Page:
Fish and Wildlife Investigations Result in Recent Convictions
Director of Communications
Department of Justice and Public Safety
Monday, September 19, 2016
Investigations conducted by Fish and Wildlife Enforcement Officers have resulted in recent convictions for various offenses in Newfoundland and Labrador.
On September 9 at Provincial Court in Gander, Jamie Gibbons of Lumsden was convicted for illegal possession of salmon and illegally netting salmon. He was fined $6000.00 and ordered forfeiture of a 2007 Honda ATV, a net, 37 salmon and 7 rounds of ammunition. Mr. Gibbons is also prohibited from being near inland waters for 3 years. The conviction stems from an investigation on July 7, 2015 whereby Mr. Gibbons was apprehended twice in one day for committing the same offences.
On August 25, also at Provincial Court in Gander, Jeffrey Ackerman of Wareham was convicted of hunting big game at night with the use of an artificial light and fined $1,000.00 and forfeiture of a rifle, ammunition and four quarters of moose. He is also prohibited from applying for a big game license for 5 years. The investigation which led to the conviction took place on September 12, 2015 when officers, while on patrol, encountered two males who had shot and killed an adult bull moose in the dark. Fish and Wildlife Enforcement remind all hunters that such activity at night presents extreme safety risks to themselves and others.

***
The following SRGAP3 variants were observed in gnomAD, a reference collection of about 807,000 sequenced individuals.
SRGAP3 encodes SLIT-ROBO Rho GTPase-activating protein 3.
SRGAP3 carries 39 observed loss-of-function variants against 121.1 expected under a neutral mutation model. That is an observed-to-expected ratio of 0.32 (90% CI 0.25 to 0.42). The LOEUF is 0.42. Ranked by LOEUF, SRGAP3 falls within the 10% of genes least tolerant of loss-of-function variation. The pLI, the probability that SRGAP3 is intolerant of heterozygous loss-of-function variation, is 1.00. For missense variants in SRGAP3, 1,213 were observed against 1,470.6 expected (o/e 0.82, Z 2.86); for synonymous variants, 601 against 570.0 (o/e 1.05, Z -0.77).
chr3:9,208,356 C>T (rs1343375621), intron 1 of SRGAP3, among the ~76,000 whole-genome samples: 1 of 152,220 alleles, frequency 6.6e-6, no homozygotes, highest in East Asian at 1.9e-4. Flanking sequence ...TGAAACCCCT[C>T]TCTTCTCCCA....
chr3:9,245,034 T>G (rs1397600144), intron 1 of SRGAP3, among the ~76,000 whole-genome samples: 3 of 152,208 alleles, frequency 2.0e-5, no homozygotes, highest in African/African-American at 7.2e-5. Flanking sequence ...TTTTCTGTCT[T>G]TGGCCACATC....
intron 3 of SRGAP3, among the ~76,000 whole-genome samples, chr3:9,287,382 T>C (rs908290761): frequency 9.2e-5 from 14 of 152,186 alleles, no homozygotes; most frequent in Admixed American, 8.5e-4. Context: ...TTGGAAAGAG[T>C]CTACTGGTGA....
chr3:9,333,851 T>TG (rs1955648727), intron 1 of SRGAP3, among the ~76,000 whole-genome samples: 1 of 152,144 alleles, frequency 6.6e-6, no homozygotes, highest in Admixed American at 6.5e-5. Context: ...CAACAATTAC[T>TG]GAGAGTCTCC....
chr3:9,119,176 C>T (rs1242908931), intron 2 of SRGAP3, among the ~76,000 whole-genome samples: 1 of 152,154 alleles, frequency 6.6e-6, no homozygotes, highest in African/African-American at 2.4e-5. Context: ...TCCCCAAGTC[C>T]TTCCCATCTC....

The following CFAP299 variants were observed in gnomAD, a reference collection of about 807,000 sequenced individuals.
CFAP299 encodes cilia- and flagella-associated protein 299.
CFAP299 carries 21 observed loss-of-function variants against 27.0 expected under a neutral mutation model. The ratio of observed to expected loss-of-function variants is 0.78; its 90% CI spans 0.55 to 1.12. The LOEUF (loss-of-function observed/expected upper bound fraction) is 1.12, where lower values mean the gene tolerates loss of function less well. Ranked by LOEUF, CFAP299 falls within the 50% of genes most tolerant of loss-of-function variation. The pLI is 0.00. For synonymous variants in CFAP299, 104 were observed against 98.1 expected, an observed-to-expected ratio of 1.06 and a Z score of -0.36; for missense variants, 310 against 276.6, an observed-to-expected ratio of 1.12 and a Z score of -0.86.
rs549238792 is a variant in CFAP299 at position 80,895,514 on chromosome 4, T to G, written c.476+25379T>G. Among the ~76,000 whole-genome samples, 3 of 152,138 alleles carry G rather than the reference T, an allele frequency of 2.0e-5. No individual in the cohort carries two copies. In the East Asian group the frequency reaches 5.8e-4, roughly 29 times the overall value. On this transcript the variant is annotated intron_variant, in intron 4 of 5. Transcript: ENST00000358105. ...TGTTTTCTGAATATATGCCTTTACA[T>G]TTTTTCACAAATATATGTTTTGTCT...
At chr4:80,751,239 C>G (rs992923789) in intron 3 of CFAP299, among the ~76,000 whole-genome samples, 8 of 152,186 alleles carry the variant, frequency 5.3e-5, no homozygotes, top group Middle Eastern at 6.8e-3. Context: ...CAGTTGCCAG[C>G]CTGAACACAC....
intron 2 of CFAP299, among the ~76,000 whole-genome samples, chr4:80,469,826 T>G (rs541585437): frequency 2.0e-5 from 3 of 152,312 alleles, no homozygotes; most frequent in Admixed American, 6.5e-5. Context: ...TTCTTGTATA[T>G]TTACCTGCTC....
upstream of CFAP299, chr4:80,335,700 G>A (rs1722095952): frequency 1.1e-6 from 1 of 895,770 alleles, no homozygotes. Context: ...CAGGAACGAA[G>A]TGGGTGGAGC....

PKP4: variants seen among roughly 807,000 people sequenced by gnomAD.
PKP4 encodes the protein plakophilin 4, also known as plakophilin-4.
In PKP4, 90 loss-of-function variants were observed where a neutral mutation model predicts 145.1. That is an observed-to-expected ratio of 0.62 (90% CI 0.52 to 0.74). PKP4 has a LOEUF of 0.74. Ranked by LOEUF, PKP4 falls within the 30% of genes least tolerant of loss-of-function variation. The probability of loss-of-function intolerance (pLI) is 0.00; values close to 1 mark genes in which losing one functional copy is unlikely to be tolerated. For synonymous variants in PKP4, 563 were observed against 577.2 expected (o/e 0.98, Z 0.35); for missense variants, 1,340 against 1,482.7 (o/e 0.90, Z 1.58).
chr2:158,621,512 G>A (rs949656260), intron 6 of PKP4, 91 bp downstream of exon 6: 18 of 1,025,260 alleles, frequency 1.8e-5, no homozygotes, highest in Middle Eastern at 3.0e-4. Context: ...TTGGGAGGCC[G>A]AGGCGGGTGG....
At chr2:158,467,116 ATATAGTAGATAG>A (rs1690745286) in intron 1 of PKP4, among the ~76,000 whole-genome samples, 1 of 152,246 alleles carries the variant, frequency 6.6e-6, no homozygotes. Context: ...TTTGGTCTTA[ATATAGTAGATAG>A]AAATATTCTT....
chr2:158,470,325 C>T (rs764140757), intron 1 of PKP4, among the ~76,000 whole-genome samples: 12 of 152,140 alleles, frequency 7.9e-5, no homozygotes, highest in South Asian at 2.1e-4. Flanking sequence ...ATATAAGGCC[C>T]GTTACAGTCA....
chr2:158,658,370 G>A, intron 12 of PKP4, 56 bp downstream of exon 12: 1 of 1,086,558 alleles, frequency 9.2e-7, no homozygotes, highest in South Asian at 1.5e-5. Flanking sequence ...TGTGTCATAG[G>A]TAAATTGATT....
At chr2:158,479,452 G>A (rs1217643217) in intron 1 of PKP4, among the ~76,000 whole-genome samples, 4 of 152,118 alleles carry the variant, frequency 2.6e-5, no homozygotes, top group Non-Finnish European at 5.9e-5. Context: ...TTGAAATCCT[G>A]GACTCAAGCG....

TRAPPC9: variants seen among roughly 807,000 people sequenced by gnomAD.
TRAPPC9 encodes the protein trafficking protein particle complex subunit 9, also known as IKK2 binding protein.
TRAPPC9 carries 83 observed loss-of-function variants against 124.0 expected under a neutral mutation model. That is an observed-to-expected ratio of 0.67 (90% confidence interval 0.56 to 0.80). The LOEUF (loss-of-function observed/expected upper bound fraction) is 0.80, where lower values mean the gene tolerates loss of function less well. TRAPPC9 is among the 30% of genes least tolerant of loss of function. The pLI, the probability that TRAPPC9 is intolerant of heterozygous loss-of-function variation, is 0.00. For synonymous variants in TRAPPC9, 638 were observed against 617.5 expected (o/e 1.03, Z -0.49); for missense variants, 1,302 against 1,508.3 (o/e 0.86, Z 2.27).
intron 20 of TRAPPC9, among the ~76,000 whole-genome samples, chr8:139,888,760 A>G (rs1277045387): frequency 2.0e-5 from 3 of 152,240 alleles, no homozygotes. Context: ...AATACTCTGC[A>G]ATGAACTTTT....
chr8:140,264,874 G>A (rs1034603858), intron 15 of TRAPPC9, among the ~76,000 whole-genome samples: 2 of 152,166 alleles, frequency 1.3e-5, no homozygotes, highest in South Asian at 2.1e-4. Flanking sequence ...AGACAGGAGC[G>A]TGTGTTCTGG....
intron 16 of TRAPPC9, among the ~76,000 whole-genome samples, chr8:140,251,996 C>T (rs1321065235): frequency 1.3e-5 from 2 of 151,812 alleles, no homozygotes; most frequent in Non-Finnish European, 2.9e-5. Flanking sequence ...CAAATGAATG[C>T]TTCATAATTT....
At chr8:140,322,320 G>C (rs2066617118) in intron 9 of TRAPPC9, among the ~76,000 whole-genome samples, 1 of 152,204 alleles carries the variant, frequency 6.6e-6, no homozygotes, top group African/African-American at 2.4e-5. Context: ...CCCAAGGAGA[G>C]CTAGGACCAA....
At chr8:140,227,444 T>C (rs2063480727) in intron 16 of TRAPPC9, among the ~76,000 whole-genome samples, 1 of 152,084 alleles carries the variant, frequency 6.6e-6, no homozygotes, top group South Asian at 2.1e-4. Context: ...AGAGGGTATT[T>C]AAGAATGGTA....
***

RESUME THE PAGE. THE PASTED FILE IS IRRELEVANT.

Finally, on August 10, Jason Petten of Coley's Point was convicted in Provincial Court in Grand Falls-Windsor of possession of an untagged moose. Mr. Petten pled guilty and was fined $1,000.00, a $300.00 victim fine surcharge and forfeiture of a rifle, a moose and a cash bond of $9,700.00 which was posted for a 6-wheel Argo that was seized during the investigation. He is prohibited from hunting big game for 5 years.
The Government of Newfoundland and Labrador is committed to protecting the province's resources and to ensuring they remain available for those who respect legislation concerning the proper management and conservation of fish and wildlife. The public can play a significant role in assisting officers by reporting any suspicious activity. This can be done anonymously and toll-free at any time, by calling 1-877-820-0999 or Crime Stoppers at 1-800-222-TIPS. Anonymous online reports can also be submitted atwww.stoppoaching.ca or www.nlcrimestoppers.com